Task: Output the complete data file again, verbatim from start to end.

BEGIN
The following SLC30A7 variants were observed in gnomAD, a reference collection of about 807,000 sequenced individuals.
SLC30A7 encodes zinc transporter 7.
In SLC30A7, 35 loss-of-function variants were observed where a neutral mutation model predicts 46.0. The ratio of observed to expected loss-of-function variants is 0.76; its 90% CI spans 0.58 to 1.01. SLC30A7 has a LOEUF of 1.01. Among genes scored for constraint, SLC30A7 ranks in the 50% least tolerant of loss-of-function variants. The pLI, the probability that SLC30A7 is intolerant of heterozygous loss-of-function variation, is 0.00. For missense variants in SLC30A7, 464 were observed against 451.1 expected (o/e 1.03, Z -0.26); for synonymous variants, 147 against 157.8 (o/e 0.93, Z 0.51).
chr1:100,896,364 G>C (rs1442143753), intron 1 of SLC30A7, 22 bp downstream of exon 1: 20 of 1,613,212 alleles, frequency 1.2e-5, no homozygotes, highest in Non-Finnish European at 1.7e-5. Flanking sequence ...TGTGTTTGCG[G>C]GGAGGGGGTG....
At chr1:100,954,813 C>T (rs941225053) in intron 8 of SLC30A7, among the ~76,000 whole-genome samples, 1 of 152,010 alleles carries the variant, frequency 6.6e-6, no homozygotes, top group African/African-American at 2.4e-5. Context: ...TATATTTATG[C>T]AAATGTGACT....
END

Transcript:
The following SLC30A7 variants were observed in gnomAD, a reference collection of about 807,000 sequenced individuals.
SLC30A7 encodes zinc transporter 7.
In SLC30A7, 35 loss-of-function variants were observed where a neutral mutation model predicts 46.0. The ratio of observed to expected loss-of-function variants is 0.76; its 90% CI spans 0.58 to 1.01. SLC30A7 has a LOEUF of 1.01. Among genes scored for constraint, SLC30A7 ranks in the 50% least tolerant of loss-of-function variants. The pLI, the probability that SLC30A7 is intolerant of heterozygous loss-of-function variation, is 0.00. For missense variants in SLC30A7, 464 were observed against 451.1 expected (o/e 1.03, Z -0.26); for synonymous variants, 147 against 157.8 (o/e 0.93, Z 0.51).
chr1:100,896,364 G>C (rs1442143753), intron 1 of SLC30A7, 22 bp downstream of exon 1: 20 of 1,613,212 alleles, frequency 1.2e-5, no homozygotes, highest in Non-Finnish European at 1.7e-5. Flanking sequence ...TGTGTTTGCG[G>C]GGAGGGGGTG....
At chr1:100,954,813 C>T (rs941225053) in intron 8 of SLC30A7, among the ~76,000 whole-genome samples, 1 of 152,010 alleles carries the variant, frequency 6.6e-6, no homozygotes, top group African/African-American at 2.4e-5. Context: ...TATATTTATG[C>T]AAATGTGACT....